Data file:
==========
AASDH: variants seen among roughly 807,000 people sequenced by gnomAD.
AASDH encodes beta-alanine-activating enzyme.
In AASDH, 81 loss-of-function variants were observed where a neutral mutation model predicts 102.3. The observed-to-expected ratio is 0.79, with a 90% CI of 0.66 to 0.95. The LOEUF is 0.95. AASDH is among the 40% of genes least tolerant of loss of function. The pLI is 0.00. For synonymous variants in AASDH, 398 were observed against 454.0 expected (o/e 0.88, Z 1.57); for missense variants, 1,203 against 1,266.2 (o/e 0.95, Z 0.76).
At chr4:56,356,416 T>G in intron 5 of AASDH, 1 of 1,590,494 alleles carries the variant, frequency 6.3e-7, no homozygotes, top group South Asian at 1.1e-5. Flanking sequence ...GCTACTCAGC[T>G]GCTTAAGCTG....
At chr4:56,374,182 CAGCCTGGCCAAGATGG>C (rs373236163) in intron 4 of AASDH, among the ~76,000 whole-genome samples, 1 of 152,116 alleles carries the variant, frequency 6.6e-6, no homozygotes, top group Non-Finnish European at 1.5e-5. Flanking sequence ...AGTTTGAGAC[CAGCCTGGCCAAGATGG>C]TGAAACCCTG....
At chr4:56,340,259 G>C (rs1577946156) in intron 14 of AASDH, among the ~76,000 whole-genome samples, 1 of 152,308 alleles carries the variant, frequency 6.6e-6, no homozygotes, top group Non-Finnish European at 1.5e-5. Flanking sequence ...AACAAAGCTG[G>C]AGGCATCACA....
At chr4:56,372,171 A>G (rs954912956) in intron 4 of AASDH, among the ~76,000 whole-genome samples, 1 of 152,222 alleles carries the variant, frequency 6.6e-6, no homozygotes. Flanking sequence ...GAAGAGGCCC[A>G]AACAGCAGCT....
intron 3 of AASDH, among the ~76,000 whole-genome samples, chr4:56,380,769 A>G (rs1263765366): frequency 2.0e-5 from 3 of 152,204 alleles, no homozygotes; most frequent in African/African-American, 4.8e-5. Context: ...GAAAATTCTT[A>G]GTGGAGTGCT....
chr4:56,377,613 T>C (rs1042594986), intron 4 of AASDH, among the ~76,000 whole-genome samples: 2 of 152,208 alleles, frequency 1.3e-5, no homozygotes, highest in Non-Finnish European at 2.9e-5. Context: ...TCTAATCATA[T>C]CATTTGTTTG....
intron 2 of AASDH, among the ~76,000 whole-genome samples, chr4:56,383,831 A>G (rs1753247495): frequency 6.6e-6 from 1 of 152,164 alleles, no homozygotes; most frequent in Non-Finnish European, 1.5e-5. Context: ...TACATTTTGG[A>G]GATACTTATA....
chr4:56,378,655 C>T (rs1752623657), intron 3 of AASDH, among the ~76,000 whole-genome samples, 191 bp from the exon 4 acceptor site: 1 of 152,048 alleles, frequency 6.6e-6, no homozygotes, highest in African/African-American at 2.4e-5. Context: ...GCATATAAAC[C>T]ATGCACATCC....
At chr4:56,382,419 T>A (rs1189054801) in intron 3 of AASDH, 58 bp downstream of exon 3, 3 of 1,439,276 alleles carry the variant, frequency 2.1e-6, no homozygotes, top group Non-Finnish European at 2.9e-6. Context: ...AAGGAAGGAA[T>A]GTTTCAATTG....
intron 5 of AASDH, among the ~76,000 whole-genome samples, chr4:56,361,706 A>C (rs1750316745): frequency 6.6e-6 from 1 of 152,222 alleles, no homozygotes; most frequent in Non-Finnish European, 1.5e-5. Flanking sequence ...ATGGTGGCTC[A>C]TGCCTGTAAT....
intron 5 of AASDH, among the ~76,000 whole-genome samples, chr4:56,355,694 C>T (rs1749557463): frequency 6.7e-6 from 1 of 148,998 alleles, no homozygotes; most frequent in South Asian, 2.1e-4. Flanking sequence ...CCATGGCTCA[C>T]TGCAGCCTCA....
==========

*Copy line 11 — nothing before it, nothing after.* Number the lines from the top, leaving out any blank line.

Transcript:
chr4:56,378,655 C>T (rs1752623657), intron 3 of AASDH, among the ~76,000 whole-genome samples, 191 bp from the exon 4 acceptor site: 1 of 152,048 alleles, frequency 6.6e-6, no homozygotes, highest in African/African-American at 2.4e-5. Context: ...GCATATAAAC[C>T]ATGCACATCC....